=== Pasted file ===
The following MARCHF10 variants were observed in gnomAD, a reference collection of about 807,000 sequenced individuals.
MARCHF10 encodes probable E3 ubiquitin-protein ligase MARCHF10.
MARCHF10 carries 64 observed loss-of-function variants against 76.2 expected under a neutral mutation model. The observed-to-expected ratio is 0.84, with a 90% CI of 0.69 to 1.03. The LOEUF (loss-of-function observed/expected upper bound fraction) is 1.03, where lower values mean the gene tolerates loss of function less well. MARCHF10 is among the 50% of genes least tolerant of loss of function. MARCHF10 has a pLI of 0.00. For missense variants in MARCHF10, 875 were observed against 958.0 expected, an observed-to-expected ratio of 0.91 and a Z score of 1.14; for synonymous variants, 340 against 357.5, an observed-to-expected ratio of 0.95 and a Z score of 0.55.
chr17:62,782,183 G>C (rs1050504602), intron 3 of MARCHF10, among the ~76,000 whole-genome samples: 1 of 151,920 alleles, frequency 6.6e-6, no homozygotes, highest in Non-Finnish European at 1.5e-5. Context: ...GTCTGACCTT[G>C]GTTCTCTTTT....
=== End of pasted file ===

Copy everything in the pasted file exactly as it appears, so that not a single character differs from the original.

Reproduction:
The following MARCHF10 variants were observed in gnomAD, a reference collection of about 807,000 sequenced individuals.
MARCHF10 encodes probable E3 ubiquitin-protein ligase MARCHF10.
MARCHF10 carries 64 observed loss-of-function variants against 76.2 expected under a neutral mutation model. The observed-to-expected ratio is 0.84, with a 90% CI of 0.69 to 1.03. The LOEUF (loss-of-function observed/expected upper bound fraction) is 1.03, where lower values mean the gene tolerates loss of function less well. MARCHF10 is among the 50% of genes least tolerant of loss of function. MARCHF10 has a pLI of 0.00. For missense variants in MARCHF10, 875 were observed against 958.0 expected, an observed-to-expected ratio of 0.91 and a Z score of 1.14; for synonymous variants, 340 against 357.5, an observed-to-expected ratio of 0.95 and a Z score of 0.55.
chr17:62,782,183 G>C (rs1050504602), intron 3 of MARCHF10, among the ~76,000 whole-genome samples: 1 of 151,920 alleles, frequency 6.6e-6, no homozygotes, highest in Non-Finnish European at 1.5e-5. Context: ...GTCTGACCTT[G>C]GTTCTCTTTT....